"Study of a Bowl"
Fabric Collage 16 x 21
Fabric Collage 16 x 21
I have to admit I've never really understood collage. It's probably like jazz: I never liked it, never understood it, until I actually played it. Then I was converted! If I actually tried collage, perhaps under the tutelage of someone who did understand it, then perhaps I would finally get it and start to appreciate it more. In the meantime, I'm making inroads to understanding and appreciating it, thanks to a couple of internet friends who's blogs I follow. By watching their progress, their insights into process, this art form is becoming less of a mystery to me. And so when I ran across an article in the July/August 2010 issue of The Artists Magazine on collage, I was ready to read it with interest, not skip over it.
The article entitled "Piecing It Together" starts right off by saying that "The technique...speaks to the hectic pace and fragmented vision of our time" and notes that it can be found everywhere "from actual materials affixed to canvases in museums to digital collages that promote products on billboards or online." Ah, digital collages - now that I understand (at least, I think I do). And then it goes on to praise its "ease of entry" i.e. you don't need to know how to draw, that bugaboo that sends so many people into the mindset that they have no artistic abilities. With collage, you find your materials anywhere and everywhere, and it can become "the ideal medium for exploring compositional possibilities...experimenting until you find a pleasing arrangement..."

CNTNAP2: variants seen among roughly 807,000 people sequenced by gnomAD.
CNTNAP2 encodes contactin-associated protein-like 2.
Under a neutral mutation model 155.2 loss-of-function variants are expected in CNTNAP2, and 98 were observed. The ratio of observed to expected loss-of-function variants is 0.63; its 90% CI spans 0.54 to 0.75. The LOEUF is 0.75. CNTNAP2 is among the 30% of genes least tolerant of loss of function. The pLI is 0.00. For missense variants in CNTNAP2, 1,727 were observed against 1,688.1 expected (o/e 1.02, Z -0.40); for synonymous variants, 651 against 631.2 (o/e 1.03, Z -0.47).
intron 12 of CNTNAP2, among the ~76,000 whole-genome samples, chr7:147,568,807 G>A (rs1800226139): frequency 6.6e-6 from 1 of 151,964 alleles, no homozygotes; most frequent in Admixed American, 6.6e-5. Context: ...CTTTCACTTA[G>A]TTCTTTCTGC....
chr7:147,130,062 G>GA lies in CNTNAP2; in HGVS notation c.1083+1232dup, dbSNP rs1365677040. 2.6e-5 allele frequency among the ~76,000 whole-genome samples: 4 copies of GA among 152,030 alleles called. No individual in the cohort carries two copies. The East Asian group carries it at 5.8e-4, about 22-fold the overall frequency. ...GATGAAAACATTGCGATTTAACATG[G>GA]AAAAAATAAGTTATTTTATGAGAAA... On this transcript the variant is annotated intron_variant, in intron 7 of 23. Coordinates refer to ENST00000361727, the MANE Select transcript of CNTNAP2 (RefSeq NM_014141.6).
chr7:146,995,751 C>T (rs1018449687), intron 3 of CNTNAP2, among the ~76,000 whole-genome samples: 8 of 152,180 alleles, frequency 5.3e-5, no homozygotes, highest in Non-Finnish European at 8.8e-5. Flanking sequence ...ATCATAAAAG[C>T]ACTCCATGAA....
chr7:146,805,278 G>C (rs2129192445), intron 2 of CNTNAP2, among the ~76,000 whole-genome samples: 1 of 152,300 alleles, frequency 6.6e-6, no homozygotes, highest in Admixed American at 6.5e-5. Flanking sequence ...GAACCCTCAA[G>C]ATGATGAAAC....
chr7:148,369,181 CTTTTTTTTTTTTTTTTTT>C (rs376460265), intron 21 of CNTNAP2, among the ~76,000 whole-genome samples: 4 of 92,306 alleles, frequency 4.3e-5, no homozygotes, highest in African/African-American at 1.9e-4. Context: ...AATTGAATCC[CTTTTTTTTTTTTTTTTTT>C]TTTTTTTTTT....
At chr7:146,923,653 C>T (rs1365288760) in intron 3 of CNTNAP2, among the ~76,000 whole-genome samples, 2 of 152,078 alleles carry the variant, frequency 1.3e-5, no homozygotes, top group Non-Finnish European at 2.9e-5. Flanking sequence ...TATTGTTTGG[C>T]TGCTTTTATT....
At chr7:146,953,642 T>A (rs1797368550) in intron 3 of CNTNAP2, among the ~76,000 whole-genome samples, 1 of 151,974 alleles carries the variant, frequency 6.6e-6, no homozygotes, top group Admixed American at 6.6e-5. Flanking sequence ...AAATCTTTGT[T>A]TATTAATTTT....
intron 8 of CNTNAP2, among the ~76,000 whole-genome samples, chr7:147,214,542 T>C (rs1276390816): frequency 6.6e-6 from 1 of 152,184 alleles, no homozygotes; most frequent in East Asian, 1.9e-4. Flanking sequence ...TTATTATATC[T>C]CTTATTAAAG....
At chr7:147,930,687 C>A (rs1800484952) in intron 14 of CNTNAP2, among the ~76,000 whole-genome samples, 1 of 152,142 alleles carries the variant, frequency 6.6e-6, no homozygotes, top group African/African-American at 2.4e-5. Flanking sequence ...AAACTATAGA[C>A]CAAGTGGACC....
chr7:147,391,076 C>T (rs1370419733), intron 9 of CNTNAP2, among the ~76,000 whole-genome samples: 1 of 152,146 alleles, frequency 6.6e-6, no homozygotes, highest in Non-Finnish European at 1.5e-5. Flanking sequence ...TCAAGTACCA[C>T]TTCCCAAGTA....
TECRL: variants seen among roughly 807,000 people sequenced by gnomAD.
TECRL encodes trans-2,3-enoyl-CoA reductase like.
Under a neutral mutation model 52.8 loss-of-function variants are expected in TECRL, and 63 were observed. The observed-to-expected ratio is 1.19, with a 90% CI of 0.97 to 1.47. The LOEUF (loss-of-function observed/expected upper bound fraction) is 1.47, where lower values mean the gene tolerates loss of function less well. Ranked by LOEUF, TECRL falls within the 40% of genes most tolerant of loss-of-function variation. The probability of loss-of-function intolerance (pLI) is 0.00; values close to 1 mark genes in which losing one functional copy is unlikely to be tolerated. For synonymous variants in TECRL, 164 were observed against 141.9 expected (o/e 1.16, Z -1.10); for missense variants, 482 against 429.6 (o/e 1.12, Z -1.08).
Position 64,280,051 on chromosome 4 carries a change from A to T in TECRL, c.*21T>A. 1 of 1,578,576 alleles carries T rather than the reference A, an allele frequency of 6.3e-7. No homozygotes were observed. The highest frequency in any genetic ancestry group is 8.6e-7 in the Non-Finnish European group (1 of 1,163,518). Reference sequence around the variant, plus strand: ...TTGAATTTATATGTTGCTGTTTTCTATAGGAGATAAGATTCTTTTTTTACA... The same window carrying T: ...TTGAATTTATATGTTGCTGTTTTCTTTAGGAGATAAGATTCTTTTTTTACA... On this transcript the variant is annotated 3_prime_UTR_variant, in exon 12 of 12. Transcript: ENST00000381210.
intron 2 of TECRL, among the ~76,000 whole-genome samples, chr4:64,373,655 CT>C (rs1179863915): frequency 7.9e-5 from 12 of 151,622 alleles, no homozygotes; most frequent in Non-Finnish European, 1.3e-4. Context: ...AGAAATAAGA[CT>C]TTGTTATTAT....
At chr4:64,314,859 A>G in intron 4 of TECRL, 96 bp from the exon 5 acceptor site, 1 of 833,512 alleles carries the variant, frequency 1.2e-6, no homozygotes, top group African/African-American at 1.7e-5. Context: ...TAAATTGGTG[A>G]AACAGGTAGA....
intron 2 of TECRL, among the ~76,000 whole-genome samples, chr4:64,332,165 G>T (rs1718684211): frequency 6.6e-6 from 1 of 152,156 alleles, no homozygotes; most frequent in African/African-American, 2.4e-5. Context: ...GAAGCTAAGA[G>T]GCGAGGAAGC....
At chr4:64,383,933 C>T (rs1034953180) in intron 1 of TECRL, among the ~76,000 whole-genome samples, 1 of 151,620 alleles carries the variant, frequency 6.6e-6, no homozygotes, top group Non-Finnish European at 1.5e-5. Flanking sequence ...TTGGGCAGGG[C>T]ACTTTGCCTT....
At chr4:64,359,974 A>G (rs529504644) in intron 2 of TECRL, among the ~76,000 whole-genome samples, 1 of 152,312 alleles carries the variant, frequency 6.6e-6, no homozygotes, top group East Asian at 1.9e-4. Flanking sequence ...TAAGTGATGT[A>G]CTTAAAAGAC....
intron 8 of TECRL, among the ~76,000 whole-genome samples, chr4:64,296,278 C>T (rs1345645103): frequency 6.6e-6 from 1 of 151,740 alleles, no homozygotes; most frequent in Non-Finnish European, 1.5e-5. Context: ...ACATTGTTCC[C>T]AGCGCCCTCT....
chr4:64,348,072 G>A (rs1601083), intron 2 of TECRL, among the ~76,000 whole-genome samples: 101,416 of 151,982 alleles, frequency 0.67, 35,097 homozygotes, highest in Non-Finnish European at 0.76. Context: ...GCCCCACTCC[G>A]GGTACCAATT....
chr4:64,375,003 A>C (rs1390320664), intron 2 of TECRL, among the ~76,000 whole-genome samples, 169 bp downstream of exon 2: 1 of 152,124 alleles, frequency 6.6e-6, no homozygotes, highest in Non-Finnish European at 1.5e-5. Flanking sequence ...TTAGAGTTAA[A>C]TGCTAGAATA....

Surprisingly (at least to me), one of the artist's featured in this article is Laura Breitman who uses fabric instead of paper. A former quilter, Laura now glues instead of sewing on her collage elements to create extremely realistic works based on photographs. Her "glue" is Golden Acrylic Medium. This sounds all too familiar. - if nothing else than from the pages of Quilting Arts Magazine,and the experimentation of many art quilters I'm aware of. If not for the use of acrylic medium followed by a finishing coat of varnish, I'd easily categorize what she does as applique, not collage. Her process is not unlike art quilters who carefully cut shapes from pre-fused fabrics to create pictorial works. I sense another blurring of the lines in art, only in this case, it's quilters moving into an established art medium rather than an established art medium, such as painters, moving into the quilt world.
I'm not saying that what Breitman is doing is not collage - I can definitely see that it is. What I think I am saying is that by recognizing the similarities with a technique in quilting that I am familiar with, I am understanding collage, as well as my own approach to quilt art, a bit better. And wondering if the distinction in classification/terminology - collage vs fused applique perhaps - is justified. Look through her gallery and tell me what you think.